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Observe The Sons Of Ulster Marching Towards The Somme

Published 24 June 2009

As troops fight on in Afghanistan, Hampstead theatre’s revival of Frank McGuinness’s 1986 play illuminates the futility of war with a portrayal of eight men being led to almost certain death in 1916.

It is a play about war, but McGuinness’s drama is also a carefully constructed character study of eight men from Ulster who volunteer to fight for King and country in the Great War. The dramatic arc allows us to learn of the characters’ reasons for volunteering just as they learn about each other, and eventually learn new things about themselves.

The story hangs on Kenneth Pyper (Richard Dormer), a man lost in a wilderness of his own creation. Described aptly as a ‘rare boyo’, Pyper is a manic, antagonistic, emotionally damaged fantasist with a death wish; he does not know why he is there, other than to wind up the other men with whom he serves. As he meets them in the barracks, he sees that each has his own reasons, on paper, for volunteering; a mixture of patriotism, pride and religious affiliation that hangs as much on the divisions in Northern Ireland as on divisions in Europe.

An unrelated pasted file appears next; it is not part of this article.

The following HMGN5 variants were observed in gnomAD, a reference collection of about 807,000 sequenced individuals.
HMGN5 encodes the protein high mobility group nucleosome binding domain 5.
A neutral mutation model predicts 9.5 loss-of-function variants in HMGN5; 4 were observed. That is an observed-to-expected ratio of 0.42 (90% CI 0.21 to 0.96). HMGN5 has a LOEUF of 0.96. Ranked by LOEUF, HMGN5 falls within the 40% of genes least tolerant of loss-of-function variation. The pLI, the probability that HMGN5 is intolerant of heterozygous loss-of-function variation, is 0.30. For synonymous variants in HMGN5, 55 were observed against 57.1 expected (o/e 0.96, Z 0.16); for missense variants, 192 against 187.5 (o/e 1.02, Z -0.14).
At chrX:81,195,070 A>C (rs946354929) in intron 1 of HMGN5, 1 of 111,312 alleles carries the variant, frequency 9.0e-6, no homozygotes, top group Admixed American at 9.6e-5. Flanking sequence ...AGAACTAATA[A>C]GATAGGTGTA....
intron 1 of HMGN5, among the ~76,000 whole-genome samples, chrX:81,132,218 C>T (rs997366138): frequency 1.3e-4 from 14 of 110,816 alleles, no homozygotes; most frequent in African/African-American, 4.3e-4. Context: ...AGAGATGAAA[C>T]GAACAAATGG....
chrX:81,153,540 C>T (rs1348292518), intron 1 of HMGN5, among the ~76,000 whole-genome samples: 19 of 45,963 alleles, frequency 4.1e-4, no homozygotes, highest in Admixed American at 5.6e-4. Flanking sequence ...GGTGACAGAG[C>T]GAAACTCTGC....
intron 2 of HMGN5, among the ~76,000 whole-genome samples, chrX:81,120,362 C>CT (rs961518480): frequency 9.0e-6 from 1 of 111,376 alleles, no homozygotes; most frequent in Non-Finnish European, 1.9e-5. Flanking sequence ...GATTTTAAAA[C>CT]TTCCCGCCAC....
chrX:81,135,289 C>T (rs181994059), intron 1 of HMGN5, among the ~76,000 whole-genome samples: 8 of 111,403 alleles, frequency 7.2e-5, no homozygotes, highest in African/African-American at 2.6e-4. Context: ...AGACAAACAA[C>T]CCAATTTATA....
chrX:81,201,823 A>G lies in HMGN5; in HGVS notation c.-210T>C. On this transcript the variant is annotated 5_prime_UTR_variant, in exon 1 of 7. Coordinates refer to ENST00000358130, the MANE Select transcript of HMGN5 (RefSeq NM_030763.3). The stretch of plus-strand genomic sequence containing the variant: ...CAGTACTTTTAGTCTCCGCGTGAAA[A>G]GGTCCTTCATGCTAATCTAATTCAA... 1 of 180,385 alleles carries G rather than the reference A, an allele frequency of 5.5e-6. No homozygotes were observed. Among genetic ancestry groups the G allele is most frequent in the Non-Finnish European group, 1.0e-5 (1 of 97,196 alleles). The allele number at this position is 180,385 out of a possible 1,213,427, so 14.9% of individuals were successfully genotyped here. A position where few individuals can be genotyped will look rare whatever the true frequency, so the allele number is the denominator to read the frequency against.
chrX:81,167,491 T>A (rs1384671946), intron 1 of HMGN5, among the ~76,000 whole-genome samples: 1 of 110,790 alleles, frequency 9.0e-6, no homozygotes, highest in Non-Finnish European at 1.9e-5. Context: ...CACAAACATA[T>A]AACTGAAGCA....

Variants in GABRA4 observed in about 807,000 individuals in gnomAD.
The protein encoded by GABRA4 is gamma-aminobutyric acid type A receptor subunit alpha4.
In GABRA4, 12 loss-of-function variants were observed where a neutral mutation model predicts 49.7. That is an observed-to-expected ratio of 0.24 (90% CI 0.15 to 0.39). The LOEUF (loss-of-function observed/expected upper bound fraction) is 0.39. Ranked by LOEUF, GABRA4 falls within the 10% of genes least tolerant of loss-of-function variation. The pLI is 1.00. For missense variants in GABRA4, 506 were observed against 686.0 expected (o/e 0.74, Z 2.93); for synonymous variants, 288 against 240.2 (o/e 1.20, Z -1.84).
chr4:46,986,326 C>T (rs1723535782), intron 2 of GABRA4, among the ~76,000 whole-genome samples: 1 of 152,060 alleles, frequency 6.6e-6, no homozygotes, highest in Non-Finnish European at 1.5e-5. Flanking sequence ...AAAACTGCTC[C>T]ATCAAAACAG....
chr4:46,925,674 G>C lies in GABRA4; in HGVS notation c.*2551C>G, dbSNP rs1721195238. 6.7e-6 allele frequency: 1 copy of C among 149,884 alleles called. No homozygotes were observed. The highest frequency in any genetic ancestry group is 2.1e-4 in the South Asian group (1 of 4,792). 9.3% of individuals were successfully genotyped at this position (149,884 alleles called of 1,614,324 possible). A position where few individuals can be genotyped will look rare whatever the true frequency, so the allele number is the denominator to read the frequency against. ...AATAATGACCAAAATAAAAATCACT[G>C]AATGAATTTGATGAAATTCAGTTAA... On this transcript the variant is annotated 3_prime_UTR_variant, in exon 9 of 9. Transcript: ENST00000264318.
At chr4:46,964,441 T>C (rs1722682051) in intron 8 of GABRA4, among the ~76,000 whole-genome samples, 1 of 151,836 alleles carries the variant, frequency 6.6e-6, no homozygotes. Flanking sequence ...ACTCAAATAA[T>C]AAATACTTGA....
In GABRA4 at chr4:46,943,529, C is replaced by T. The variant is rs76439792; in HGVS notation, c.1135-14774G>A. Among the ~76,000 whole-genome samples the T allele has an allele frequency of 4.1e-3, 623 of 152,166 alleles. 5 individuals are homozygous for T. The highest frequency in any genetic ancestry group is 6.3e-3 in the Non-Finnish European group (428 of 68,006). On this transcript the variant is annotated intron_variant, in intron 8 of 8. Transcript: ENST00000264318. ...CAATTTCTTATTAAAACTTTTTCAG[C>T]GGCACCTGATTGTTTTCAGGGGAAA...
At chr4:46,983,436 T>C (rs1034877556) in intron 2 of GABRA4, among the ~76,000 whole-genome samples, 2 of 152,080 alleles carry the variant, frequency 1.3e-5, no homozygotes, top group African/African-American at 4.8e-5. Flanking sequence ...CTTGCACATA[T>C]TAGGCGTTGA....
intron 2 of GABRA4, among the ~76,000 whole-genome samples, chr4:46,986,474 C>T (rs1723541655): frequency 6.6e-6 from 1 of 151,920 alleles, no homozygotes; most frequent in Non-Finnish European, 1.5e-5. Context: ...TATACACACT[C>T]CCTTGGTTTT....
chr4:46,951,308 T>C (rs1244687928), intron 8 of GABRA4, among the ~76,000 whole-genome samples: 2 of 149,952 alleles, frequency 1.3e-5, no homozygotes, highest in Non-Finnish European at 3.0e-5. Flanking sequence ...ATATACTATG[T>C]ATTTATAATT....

But as the unit is brought closer to the front and no man’s land looms, those reasons are altered or refined, and ultimately their sense of kinship as Ulstermen prevails over anything else. Even Pyper, through camaraderie, soul-searching and love, begins to find a sense of purpose to his life – just as he faces death – drawn from the other men’s pride in their homeland.  
This is a memory play and the action in 1916 is recalled by an older Pyper (James Hayes), who, we learn in the first scene, is the only man to survive the front. This device brings a poignant and ominous tone to the scenes as the play then reflects on these young men preparing for the worst.

Michael Taylor’s set incorporates army barracks, the green fields of Ulster and the trenches of the Somme, providing a simple but effective backdrop as we see these very different sons of Ulster come together through war. The universally competent cast includes John Hollingworth and Mark Holgate as a pair of violently Protestant Belfast lads, Owen Sharpe as a man who cannot face killing a horse, yet alone a man, and Eugene O’Hare as Craig, who finds love in war and recognises the futility of both.

An intimate portrait of friendship, love and pride, John Dove’s production is a pertinent reminder that war destroys them all.

CB

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